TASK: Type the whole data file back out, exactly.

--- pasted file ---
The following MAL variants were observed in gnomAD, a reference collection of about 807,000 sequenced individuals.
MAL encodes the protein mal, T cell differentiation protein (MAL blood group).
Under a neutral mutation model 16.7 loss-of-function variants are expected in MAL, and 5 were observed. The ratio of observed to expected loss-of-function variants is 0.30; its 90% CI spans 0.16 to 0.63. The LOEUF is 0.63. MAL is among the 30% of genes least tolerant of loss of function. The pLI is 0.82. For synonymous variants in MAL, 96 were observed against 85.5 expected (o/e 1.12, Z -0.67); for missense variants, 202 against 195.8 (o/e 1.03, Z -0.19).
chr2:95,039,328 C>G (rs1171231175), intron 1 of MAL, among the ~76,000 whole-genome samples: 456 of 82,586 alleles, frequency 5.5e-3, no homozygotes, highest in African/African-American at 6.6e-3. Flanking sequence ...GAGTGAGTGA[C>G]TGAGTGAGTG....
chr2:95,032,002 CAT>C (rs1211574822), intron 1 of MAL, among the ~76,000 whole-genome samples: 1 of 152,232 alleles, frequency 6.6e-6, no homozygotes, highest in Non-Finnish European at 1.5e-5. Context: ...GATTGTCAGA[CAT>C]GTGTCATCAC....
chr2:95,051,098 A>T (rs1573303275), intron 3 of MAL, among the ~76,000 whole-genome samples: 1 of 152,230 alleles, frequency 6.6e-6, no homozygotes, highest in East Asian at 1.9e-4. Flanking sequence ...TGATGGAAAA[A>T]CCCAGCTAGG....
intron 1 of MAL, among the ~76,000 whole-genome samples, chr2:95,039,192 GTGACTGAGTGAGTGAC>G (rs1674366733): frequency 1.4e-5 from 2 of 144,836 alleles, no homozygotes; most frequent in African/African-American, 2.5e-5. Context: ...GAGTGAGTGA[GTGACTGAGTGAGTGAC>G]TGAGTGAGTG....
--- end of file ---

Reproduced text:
The following MAL variants were observed in gnomAD, a reference collection of about 807,000 sequenced individuals.
MAL encodes the protein mal, T cell differentiation protein (MAL blood group).
Under a neutral mutation model 16.7 loss-of-function variants are expected in MAL, and 5 were observed. The ratio of observed to expected loss-of-function variants is 0.30; its 90% CI spans 0.16 to 0.63. The LOEUF is 0.63. MAL is among the 30% of genes least tolerant of loss of function. The pLI is 0.82. For synonymous variants in MAL, 96 were observed against 85.5 expected (o/e 1.12, Z -0.67); for missense variants, 202 against 195.8 (o/e 1.03, Z -0.19).
chr2:95,039,328 C>G (rs1171231175), intron 1 of MAL, among the ~76,000 whole-genome samples: 456 of 82,586 alleles, frequency 5.5e-3, no homozygotes, highest in African/African-American at 6.6e-3. Flanking sequence ...GAGTGAGTGA[C>G]TGAGTGAGTG....
chr2:95,032,002 CAT>C (rs1211574822), intron 1 of MAL, among the ~76,000 whole-genome samples: 1 of 152,232 alleles, frequency 6.6e-6, no homozygotes, highest in Non-Finnish European at 1.5e-5. Context: ...GATTGTCAGA[CAT>C]GTGTCATCAC....
chr2:95,051,098 A>T (rs1573303275), intron 3 of MAL, among the ~76,000 whole-genome samples: 1 of 152,230 alleles, frequency 6.6e-6, no homozygotes, highest in East Asian at 1.9e-4. Flanking sequence ...TGATGGAAAA[A>T]CCCAGCTAGG....
intron 1 of MAL, among the ~76,000 whole-genome samples, chr2:95,039,192 GTGACTGAGTGAGTGAC>G (rs1674366733): frequency 1.4e-5 from 2 of 144,836 alleles, no homozygotes; most frequent in African/African-American, 2.5e-5. Context: ...GAGTGAGTGA[GTGACTGAGTGAGTGAC>G]TGAGTGAGTG....